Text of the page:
With the Full Recovery Model, it is important to backup the transaction logs frequently so the database can be restored up to the point in time when the problem occurred. A transaction log backup will truncate the inactive portion of the transaction log.

The transaction log can get large and the file size will not be reduced when it is truncated after a transaction log backup. This simply shifts the pointer within the existing file as to where the space is to be freed up.

3. Rebuild Indexes Weekly

Rebuilding indexes should be done weekly during off-hours as this can sometimes be intensive and slow down the database. It is important to rebuild the indexes to optimize performance of the database. You can think of this like defragmenting your hard drive. After it is completed, everything runs just a little smoother and faster because space is optimized properly (doesn’t take as long to figure out where a record goes during an insert or update).

4. Update Statistics Daily

It is also a good idea to create a maintenance plan to update statistics daily. This optimizes space in the tables and can have an impact on improving performance of the database. If this never gets done (which sometimes happens in databases that are not maintained) performance can slowly degrade until it becomes a serious problem, adversely affecting application performance.

TYPICAL BACKUP PLAN FOR A DATABASE THAT IS BUSINESS-CRITICAL:

PROPER AND OPTIMAL DATABASE DESIGN:

One of the most common problems we’ve seen is applications where a query takes over 30 seconds only to find that one of the fields in that query has not been indexed. Beyond looking at the queries in your application to make sure the fields that are in your “WHERE” clauses are all indexed, there are some tools that can help. Using Microsoft SQL Server Profiler in combination with Database Engine Tuning Advisor is the easiest way to find slow queries and see what indexes may be missing, which could help improve the performance of your application.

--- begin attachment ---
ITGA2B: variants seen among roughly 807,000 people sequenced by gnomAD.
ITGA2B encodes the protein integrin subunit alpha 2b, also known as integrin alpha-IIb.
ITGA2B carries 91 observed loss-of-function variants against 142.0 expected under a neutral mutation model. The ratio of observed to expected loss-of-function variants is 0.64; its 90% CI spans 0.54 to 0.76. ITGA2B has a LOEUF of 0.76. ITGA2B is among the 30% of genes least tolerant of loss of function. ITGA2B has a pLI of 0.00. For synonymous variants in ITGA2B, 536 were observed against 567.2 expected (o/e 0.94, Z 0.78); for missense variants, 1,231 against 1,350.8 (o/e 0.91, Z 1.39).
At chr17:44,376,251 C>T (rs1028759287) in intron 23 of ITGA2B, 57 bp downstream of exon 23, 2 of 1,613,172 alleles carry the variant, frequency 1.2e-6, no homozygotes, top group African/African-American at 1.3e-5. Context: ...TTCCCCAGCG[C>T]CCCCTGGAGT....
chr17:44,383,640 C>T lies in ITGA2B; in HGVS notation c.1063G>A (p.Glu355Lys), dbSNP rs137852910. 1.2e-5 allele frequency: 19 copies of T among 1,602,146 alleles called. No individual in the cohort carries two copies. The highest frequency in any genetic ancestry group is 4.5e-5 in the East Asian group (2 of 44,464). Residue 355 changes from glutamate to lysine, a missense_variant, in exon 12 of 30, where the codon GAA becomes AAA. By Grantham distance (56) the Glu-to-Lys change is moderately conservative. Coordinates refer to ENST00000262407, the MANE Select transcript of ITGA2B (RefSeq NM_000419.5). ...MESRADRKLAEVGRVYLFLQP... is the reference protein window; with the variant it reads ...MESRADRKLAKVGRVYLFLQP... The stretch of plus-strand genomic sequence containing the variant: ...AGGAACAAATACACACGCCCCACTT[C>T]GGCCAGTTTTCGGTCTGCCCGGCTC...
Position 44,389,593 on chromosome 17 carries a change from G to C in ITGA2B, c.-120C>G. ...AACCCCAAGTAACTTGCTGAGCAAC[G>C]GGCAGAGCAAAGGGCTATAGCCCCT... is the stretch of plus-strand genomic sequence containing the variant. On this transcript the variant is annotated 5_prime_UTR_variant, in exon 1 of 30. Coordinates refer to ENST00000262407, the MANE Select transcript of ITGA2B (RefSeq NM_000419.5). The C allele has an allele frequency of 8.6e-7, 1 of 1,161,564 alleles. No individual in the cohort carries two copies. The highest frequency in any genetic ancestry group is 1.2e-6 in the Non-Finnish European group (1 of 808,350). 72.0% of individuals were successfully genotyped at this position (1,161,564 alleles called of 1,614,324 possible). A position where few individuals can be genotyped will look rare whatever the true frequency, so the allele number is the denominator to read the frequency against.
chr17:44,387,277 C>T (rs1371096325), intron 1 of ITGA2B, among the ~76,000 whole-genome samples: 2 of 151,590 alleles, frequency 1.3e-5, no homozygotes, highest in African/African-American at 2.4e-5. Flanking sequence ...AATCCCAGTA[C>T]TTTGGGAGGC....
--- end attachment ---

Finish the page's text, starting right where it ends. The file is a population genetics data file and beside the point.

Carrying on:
For SQL Server Profiler first, select “Tuning”. Next, select the “Events Selection” tab, and then the “Column Filters…” option and “Duration”. Select the Greater than or equal to 3000, as we want to see queries taking over 3 seconds.

After about an hour of running the profiler, stop it. You should save the file to one that can be imported into a “Database Engine Tuning Advisor”. Run it to have the tool point out what can be optimized. Usually you can accept most of the suggestions from Database Engine Tuning Advisor and see a dramatic increase in performance.

The other important thing to look at in a database is how well normalized it is. Normalization is important so that information is not duplicated. One example is a company we worked with used 12 different excel sheets to keep track of similar information. However data that was supposed to be consistent throughout the different excel files was spelled differently and listed multiple times where it should have referenced by a table with a unique ID and one consistent value. We moved these 12 excel sheets into one database and created separate tables for the columns so information was normalized. This allowed the customer to do more sophisticated and accurate queries on their data.

The information above, when properly normalized, should be put into three tables as shown below. This way, “Hardy Boys” only needs to be updated once.

PROPER NAMING CONVENTION IS ALSO IMPORTANT:

Naming a foreign key differently from the primary key that it references can be very confusing to programmers. If the fields are named properly and referenced properly, it can save countless hours of confusion. I typically name the primary key as the table name with “ID” after it. So if Book is the table, BookID is the primary key. This is a pretty common way to name primary keys which will make it easier for programmers to understand more quickly.

It is also important to make sure you keep an ER (Entity-Relationship) Diagram. This is very easy with SQL Server by right clicking on Database Diagrams and selecting “New Database Diagram”. Then you can link the primary/foreign keys here and also add/update fields to the database-making database management tool very easily. Make sure all the tables are in the diagram and connected properly to the other tables that they should be connected to.

By following the tips above, you should have a solid robust database that will allow your company to grow without having to worry about database issues. For a free database analysis call the experts at roundbrix at 949.273.5200.

Ed